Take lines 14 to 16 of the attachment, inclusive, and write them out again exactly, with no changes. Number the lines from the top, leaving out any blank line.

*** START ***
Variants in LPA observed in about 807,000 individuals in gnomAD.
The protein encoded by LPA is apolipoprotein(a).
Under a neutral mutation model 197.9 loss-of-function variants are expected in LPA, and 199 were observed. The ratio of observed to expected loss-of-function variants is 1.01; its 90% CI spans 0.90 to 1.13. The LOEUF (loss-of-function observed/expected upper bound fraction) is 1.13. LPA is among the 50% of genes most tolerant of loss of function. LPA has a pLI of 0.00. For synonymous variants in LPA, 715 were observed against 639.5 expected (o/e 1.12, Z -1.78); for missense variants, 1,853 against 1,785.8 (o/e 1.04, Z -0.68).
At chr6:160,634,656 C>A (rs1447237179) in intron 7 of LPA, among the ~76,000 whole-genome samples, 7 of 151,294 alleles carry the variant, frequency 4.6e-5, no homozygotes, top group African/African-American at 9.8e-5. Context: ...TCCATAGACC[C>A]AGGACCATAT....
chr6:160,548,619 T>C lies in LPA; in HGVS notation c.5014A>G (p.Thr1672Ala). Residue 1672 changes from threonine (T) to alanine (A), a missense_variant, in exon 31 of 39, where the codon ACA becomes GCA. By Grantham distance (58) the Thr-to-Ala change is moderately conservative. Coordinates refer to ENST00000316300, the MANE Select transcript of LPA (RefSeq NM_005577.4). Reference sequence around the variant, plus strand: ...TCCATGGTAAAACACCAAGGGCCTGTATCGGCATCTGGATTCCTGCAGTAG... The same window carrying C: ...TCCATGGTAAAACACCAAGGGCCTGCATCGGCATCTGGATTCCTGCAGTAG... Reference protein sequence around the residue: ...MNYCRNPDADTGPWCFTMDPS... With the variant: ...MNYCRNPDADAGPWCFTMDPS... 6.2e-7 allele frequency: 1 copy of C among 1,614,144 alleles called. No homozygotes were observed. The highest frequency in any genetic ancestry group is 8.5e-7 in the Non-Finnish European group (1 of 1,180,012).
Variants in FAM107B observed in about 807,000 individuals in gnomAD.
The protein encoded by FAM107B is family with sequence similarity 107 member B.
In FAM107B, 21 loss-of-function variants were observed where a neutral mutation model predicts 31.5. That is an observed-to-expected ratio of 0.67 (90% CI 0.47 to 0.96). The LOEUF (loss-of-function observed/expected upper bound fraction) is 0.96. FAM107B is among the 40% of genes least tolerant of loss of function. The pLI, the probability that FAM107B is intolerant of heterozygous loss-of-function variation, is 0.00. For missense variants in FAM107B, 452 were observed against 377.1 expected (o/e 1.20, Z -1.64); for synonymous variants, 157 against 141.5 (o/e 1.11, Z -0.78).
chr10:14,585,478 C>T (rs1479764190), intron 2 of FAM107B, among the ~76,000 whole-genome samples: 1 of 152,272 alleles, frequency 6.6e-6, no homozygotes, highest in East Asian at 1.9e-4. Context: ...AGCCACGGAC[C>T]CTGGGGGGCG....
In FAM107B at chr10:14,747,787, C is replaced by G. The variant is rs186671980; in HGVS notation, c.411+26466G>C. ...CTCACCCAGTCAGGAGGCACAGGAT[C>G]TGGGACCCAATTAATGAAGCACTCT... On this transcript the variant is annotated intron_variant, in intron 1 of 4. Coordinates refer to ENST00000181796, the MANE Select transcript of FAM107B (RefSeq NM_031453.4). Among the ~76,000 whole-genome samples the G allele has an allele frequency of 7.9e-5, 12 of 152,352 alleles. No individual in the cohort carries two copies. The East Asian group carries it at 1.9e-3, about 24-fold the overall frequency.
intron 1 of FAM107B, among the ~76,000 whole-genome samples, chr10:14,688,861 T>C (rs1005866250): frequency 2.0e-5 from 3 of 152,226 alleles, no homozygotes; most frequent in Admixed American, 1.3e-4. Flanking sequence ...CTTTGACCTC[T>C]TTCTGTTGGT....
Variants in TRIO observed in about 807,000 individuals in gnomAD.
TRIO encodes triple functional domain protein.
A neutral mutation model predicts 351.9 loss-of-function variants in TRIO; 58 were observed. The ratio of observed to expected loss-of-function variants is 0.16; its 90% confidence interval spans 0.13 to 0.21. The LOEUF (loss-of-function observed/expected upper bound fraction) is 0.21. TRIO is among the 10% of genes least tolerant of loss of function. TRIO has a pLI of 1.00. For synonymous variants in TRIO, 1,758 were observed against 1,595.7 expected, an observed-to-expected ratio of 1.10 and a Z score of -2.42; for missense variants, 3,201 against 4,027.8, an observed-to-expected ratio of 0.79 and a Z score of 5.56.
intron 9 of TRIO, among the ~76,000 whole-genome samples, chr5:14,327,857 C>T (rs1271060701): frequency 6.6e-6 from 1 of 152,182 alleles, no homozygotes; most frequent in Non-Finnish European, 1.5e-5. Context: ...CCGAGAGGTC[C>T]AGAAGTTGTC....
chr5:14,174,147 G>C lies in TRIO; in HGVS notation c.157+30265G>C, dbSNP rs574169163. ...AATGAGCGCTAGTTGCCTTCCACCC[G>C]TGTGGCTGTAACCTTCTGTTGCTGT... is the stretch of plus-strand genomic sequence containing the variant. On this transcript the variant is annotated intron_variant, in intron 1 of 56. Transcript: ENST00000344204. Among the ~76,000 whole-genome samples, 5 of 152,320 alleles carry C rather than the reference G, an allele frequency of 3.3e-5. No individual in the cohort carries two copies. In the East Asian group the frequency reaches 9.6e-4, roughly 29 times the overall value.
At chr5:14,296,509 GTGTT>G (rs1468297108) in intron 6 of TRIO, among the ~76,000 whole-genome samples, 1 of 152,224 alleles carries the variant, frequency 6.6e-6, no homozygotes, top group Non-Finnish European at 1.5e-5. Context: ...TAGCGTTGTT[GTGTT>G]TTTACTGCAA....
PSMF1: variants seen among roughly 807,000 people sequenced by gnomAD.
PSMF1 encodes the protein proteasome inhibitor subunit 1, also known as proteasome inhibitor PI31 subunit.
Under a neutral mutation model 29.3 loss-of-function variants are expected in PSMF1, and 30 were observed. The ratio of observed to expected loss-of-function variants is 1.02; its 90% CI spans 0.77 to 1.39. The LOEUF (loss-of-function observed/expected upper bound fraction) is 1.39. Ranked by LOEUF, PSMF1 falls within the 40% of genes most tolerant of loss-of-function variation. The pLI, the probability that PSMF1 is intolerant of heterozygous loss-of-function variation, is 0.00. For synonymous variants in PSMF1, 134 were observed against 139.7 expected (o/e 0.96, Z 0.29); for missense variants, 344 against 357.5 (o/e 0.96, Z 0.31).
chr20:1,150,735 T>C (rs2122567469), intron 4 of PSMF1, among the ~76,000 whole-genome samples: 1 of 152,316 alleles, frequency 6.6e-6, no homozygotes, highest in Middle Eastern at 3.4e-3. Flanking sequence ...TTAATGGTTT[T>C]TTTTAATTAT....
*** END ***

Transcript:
A neutral mutation model predicts 351.9 loss-of-function variants in TRIO; 58 were observed. The ratio of observed to expected loss-of-function variants is 0.16; its 90% confidence interval spans 0.13 to 0.21. The LOEUF (loss-of-function observed/expected upper bound fraction) is 0.21. TRIO is among the 10% of genes least tolerant of loss of function. TRIO has a pLI of 1.00. For synonymous variants in TRIO, 1,758 were observed against 1,595.7 expected, an observed-to-expected ratio of 1.10 and a Z score of -2.42; for missense variants, 3,201 against 4,027.8, an observed-to-expected ratio of 0.79 and a Z score of 5.56.
intron 9 of TRIO, among the ~76,000 whole-genome samples, chr5:14,327,857 C>T (rs1271060701): frequency 6.6e-6 from 1 of 152,182 alleles, no homozygotes; most frequent in Non-Finnish European, 1.5e-5. Context: ...CCGAGAGGTC[C>T]AGAAGTTGTC....
chr5:14,174,147 G>C lies in TRIO; in HGVS notation c.157+30265G>C, dbSNP rs574169163. ...AATGAGCGCTAGTTGCCTTCCACCC[G>C]TGTGGCTGTAACCTTCTGTTGCTGT... is the stretch of plus-strand genomic sequence containing the variant. On this transcript the variant is annotated intron_variant, in intron 1 of 56. Transcript: ENST00000344204. Among the ~76,000 whole-genome samples, 5 of 152,320 alleles carry C rather than the reference G, an allele frequency of 3.3e-5. No individual in the cohort carries two copies. In the East Asian group the frequency reaches 9.6e-4, roughly 29 times the overall value.